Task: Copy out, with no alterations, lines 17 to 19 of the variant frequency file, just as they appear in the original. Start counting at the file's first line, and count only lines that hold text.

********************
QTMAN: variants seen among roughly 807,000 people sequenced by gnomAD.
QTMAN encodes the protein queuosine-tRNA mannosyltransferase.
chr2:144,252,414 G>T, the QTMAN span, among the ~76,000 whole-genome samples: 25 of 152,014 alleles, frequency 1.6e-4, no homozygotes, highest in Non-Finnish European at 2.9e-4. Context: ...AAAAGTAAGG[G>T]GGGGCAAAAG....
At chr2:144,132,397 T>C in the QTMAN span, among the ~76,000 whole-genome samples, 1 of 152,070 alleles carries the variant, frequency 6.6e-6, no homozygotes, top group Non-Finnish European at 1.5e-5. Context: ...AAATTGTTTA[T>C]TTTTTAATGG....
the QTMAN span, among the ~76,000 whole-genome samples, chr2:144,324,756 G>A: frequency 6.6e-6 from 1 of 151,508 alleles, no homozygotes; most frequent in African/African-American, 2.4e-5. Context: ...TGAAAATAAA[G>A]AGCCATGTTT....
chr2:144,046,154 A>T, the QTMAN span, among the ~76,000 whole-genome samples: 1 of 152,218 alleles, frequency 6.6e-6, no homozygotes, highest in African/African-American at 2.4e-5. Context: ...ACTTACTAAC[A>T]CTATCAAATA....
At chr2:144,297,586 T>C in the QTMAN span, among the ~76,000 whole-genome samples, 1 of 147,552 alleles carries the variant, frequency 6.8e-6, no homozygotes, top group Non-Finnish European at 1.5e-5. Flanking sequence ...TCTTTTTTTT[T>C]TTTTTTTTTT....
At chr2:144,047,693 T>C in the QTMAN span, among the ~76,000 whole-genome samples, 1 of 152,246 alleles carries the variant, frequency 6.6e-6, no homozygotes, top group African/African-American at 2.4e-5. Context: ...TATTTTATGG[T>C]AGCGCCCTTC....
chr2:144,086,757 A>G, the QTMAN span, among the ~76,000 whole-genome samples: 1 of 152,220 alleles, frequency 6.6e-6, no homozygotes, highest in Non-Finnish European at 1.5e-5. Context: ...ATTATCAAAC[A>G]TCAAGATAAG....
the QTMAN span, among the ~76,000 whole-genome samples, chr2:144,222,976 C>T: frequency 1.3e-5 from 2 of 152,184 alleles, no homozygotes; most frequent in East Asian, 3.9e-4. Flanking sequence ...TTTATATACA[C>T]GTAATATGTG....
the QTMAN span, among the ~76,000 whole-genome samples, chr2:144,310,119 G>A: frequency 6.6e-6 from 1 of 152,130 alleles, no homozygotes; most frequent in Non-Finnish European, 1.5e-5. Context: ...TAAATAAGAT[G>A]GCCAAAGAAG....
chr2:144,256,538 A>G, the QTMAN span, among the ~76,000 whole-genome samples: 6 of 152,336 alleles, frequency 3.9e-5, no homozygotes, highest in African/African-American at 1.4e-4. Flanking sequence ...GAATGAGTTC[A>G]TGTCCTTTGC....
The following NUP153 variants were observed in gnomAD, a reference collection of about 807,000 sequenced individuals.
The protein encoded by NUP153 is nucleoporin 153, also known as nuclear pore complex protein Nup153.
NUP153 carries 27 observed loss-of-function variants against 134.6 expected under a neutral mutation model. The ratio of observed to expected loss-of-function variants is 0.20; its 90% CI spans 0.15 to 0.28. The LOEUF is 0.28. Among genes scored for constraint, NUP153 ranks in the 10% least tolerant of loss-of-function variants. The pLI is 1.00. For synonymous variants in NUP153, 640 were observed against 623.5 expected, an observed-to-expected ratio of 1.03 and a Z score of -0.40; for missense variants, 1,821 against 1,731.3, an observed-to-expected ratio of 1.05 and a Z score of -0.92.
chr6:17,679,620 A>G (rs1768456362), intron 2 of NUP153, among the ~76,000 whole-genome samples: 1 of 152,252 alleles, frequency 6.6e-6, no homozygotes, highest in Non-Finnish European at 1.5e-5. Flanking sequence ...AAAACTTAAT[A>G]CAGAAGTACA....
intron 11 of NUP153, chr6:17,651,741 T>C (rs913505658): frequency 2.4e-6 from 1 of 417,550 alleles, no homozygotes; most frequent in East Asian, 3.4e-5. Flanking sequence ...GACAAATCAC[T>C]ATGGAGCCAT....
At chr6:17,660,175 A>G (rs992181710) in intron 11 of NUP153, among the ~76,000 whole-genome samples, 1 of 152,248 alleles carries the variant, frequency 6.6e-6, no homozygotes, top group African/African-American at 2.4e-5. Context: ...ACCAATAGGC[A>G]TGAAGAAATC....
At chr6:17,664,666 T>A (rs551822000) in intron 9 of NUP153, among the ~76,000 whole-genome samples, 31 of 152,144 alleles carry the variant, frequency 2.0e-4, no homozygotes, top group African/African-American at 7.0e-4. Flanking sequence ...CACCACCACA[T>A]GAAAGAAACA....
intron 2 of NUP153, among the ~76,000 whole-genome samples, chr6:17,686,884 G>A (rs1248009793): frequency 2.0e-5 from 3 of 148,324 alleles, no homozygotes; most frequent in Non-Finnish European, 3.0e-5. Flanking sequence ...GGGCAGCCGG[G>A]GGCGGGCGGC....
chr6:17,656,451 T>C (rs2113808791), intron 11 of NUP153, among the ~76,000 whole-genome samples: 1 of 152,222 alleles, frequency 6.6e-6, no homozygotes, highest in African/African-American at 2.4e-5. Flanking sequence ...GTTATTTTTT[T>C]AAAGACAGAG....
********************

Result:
intron 11 of NUP153, chr6:17,651,741 T>C (rs913505658): frequency 2.4e-6 from 1 of 417,550 alleles, no homozygotes; most frequent in East Asian, 3.4e-5. Flanking sequence ...GACAAATCAC[T>C]ATGGAGCCAT....
At chr6:17,660,175 A>G (rs992181710) in intron 11 of NUP153, among the ~76,000 whole-genome samples, 1 of 152,248 alleles carries the variant, frequency 6.6e-6, no homozygotes, top group African/African-American at 2.4e-5. Context: ...ACCAATAGGC[A>G]TGAAGAAATC....
At chr6:17,664,666 T>A (rs551822000) in intron 9 of NUP153, among the ~76,000 whole-genome samples, 31 of 152,144 alleles carry the variant, frequency 2.0e-4, no homozygotes, top group African/African-American at 7.0e-4. Flanking sequence ...CACCACCACA[T>A]GAAAGAAACA....